The Rise of Fast Beauty and its Environmental Impact

Solutions to slow down the accelerated beauty industry 

As beautiful as “beauty” can be, it also comes with a very ugly bit. Here we find some of the alternatives and solutions to slow down the environmental impact of fast beauty.

Surprisingly, the beauty industry has an ugly side. The rise of fast beauty is affecting ecosystems worldwide, causing life-long negative impacts. It’s a bigger issue than most people realize.

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What Is Fast Beauty?

Fasty beauty is what happens when brands create new cosmetics at an unsustainable pace. New products appear daily to get ahead of changing styles. While most people have heard about fast fashion, fast beauty is quickly becoming a new area of concern.

Most people have drawers full of unused items, so why do they keep getting more? Even though they don’t need the latest concealer or face cream, they’ll give in and get it because they feel like they’ll miss out otherwise.

Social media has played a large part in the growth of fast beauty. Thousands of influencers create their own makeup brands, businesses push limited-edition collaborations and people constantly try to set trends with new products.

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How Does Fast Beauty Impact the Planet?

Recycling most beauty products is challenging because many containers are too small, have wildly different shapes and use multiple kinds of plastic. They often literally fall through the cracks when they get to recycling facilities.

Most end up in landfills or waterways, even when people initially try to recycle them. One expert in sustainability and climate change research says the beauty industry creates over 120 billion units of packaging every single year.

Since plastic doesn’t break down in the environment, it’ll stay for thousands of years. Over time, it breaks down into microplastics, which harm sea life and leak into the ground. They aren’t good for the health of living creatures or the planet.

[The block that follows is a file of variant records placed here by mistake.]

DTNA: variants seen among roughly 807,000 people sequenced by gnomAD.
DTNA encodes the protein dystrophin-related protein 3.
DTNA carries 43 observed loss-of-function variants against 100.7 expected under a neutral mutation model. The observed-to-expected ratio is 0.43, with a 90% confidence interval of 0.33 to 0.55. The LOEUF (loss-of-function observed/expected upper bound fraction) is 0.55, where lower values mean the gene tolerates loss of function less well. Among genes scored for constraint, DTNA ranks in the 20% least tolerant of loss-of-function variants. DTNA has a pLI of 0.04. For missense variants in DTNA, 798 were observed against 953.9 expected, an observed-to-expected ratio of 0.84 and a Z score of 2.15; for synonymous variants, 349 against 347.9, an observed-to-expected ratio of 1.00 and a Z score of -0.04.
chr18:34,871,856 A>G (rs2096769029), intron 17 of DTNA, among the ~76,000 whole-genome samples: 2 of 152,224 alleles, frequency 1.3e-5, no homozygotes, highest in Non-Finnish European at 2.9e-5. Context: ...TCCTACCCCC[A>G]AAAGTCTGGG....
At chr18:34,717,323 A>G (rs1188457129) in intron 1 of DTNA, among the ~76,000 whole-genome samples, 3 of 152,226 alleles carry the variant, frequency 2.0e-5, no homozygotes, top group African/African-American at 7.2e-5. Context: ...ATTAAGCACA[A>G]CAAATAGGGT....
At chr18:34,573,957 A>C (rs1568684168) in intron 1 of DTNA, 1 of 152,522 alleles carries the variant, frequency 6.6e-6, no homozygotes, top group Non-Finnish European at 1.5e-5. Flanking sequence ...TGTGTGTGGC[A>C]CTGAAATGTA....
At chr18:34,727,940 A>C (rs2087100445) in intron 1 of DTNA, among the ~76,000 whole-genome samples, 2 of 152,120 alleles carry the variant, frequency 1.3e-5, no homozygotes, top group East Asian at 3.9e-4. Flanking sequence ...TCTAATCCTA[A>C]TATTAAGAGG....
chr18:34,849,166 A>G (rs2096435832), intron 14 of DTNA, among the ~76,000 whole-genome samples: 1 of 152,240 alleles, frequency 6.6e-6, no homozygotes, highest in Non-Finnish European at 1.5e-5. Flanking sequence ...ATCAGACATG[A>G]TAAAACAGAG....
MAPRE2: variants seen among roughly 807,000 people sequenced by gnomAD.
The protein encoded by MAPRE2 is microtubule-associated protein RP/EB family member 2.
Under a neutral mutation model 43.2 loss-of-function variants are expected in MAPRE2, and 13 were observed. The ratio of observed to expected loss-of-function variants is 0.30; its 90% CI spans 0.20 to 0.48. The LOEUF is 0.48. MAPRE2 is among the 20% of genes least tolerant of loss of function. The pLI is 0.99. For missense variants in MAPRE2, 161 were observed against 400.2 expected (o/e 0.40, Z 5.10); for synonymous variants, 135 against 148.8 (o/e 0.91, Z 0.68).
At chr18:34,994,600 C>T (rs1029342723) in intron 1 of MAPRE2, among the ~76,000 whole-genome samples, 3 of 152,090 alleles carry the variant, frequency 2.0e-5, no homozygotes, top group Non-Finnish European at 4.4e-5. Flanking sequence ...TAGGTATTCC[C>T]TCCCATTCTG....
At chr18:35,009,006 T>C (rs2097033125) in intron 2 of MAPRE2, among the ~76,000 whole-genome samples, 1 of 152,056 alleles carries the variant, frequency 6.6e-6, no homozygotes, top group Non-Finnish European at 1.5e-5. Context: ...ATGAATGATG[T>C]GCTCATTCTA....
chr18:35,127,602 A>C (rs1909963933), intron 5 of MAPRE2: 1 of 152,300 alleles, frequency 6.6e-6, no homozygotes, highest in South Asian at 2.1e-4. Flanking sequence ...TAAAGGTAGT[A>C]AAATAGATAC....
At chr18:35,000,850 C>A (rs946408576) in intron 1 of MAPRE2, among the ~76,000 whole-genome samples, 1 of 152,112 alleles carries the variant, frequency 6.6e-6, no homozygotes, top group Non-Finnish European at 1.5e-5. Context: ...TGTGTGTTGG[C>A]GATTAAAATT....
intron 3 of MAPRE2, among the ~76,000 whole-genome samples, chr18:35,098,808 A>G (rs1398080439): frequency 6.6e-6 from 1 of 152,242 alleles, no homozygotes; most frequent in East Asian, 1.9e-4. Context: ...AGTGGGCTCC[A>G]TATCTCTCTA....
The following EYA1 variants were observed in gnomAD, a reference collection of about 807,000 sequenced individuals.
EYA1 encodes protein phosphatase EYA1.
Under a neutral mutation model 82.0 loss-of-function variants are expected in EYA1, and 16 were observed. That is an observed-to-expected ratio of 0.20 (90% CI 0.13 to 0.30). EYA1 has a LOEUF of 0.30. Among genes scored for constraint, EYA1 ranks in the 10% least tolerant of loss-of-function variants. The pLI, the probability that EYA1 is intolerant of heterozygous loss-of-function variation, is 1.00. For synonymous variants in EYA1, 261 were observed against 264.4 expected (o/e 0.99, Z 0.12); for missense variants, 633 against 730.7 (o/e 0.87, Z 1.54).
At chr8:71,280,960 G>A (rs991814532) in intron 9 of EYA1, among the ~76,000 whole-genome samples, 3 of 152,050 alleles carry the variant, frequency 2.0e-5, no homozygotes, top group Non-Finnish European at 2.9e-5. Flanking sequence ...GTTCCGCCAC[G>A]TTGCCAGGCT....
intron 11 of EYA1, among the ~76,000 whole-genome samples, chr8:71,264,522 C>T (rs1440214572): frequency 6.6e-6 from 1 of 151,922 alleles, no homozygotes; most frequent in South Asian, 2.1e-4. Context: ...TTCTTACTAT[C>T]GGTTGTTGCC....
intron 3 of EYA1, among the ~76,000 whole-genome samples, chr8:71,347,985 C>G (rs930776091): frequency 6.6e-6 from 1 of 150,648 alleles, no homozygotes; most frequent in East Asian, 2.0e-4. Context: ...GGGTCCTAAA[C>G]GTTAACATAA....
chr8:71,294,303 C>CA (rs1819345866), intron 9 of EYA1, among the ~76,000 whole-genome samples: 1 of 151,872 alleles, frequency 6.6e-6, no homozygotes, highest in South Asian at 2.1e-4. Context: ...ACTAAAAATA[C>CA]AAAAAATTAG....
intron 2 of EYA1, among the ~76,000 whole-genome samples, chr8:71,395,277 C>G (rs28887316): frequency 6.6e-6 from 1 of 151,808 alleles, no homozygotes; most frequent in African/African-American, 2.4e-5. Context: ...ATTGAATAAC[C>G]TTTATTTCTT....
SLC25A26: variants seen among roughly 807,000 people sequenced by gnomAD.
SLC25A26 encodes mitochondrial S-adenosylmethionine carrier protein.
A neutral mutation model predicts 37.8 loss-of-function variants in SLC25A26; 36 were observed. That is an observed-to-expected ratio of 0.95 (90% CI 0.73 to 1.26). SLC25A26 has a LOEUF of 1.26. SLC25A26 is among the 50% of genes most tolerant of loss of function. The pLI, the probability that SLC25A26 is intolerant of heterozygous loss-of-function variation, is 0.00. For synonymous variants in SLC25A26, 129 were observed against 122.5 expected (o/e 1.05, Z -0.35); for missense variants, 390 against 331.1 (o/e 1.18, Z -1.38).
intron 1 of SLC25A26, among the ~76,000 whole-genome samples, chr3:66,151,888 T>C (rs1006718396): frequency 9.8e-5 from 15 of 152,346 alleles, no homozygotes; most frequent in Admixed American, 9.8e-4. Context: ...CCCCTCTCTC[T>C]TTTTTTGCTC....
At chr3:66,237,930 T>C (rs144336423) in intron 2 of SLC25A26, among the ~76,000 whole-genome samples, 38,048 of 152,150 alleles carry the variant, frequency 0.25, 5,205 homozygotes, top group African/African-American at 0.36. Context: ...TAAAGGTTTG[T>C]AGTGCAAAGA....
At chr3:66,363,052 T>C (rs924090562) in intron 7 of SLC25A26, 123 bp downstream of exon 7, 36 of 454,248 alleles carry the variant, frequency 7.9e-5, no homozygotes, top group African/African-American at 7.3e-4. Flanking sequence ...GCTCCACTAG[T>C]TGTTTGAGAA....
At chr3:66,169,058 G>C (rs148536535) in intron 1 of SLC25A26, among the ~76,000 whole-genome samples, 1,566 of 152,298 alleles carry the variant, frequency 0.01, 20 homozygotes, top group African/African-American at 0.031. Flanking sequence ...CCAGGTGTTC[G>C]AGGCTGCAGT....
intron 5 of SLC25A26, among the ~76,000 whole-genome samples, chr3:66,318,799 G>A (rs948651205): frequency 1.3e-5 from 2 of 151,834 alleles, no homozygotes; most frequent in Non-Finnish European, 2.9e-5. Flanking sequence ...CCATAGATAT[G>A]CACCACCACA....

Also, beauty brands damage the environment when they use things like palm, coconut and olive oil. Most standard cosmetics use these ingredients, so demand is high. Since they come from nature, businesses must force them to grow faster to get more. This practice lowers soil health, leads to deforestation and contaminates waterways with pesticides.

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What Can You Do About It?

Even though fast beauty has a devastating impact on the planet, your effort can help minimize it.

  • Choose Sustainable Brands

Look for corporate-funded cosmetic startups to find an environmentally-friendly brand. Since they must develop business relationships to succeed, support from the larger company helps the smaller one focus on meeting sustainability goals.

There’s also no shortage of sustainable brands for you to try. For example, the beauty company “100% Pure” has a nine-step quality assurance process to ensure all its products are natural and cruelty free. It even has a line of chemical and filler-free cosmetics. Try to shop at businesses using eco-friendly packaging and ethically-sourced ingredients.

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  • Reuse Products

If you clean your cosmetic containers as thoroughly as possible, you can reuse them elsewhere. For example, an old mascara wand can become a handy cleaning tool or an eyebrow brush. You could also store petroleum jelly in an empty balm container for an on-the-go chapped-lip fix.

  • Check Shelf Life

Every cosmetic has a shelf life — like how food has an expiration date. Although most people keep using their products until they run out, many toss theirs. Before adding anything to your collection, compare how long each option lasts.

Generally, you can use your makeup, skincare or hair care product after it goes out of date. However, it may not work as well or start to have side effects. For example, while most products stay good for up to three years unopened, some expire after only two months as soon as you start using them. If you’re more comfortable only using cosmetics during their shelf life, look for longer-lasting ones.

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  • Limit Purchases

Globally, the cosmetics market will be worth over $125 billion by 2027 — an increase of nearly $22 billion from 2023. New businesses will have to pop up to meet demand, meaning the impact of fast beauty will grow. Naturally, the best way to combat fast beauty is to stop buying new makeup, skincare and hair care.

You can keep using your favorite products, but try to avoid getting anything new on impulse. It may look fun and useful, but how often will you actually use it? Consider if you really need it or if it’ll just collect dust on your shelf.

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Use Products that Protect the Planet

The beauty industry is pumping out new products to meet constantly changing demands. The wasteful attempts to get ahead of trends have lasting environmental impacts worldwide, so preventing it from continuing is crucial. You can do your part by being a conscious consumer and using brands that genuinely care about the planet.

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Jane Marsh

Jane is the founder and editor-in-chief of Environment.co where she shares practical tips on how to live a greener life.

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